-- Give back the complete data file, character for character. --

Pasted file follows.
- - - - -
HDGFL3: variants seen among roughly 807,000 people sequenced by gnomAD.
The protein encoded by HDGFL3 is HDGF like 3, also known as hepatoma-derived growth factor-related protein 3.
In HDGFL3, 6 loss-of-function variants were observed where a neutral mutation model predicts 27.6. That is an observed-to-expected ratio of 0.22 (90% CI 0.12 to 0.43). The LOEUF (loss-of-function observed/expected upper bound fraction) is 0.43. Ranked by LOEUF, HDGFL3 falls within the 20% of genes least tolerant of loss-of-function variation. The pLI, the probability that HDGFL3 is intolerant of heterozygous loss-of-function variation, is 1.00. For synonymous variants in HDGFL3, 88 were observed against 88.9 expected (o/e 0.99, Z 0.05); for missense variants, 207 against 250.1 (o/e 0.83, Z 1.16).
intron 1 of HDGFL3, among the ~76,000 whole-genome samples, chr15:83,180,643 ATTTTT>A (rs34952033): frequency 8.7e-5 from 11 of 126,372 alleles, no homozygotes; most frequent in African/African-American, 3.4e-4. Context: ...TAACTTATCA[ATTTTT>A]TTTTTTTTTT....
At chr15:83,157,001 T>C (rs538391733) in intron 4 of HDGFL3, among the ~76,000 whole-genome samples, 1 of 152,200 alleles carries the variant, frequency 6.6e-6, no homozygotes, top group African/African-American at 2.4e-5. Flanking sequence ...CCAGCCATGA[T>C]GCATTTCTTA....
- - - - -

HDGFL3: variants seen among roughly 807,000 people sequenced by gnomAD.
The protein encoded by HDGFL3 is HDGF like 3, also known as hepatoma-derived growth factor-related protein 3.
In HDGFL3, 6 loss-of-function variants were observed where a neutral mutation model predicts 27.6. That is an observed-to-expected ratio of 0.22 (90% CI 0.12 to 0.43). The LOEUF (loss-of-function observed/expected upper bound fraction) is 0.43. Ranked by LOEUF, HDGFL3 falls within the 20% of genes least tolerant of loss-of-function variation. The pLI, the probability that HDGFL3 is intolerant of heterozygous loss-of-function variation, is 1.00. For synonymous variants in HDGFL3, 88 were observed against 88.9 expected (o/e 0.99, Z 0.05); for missense variants, 207 against 250.1 (o/e 0.83, Z 1.16).
intron 1 of HDGFL3, among the ~76,000 whole-genome samples, chr15:83,180,643 ATTTTT>A (rs34952033): frequency 8.7e-5 from 11 of 126,372 alleles, no homozygotes; most frequent in African/African-American, 3.4e-4. Context: ...TAACTTATCA[ATTTTT>A]TTTTTTTTTT....
At chr15:83,157,001 T>C (rs538391733) in intron 4 of HDGFL3, among the ~76,000 whole-genome samples, 1 of 152,200 alleles carries the variant, frequency 6.6e-6, no homozygotes, top group African/African-American at 2.4e-5. Flanking sequence ...CCAGCCATGA[T>C]GCATTTCTTA....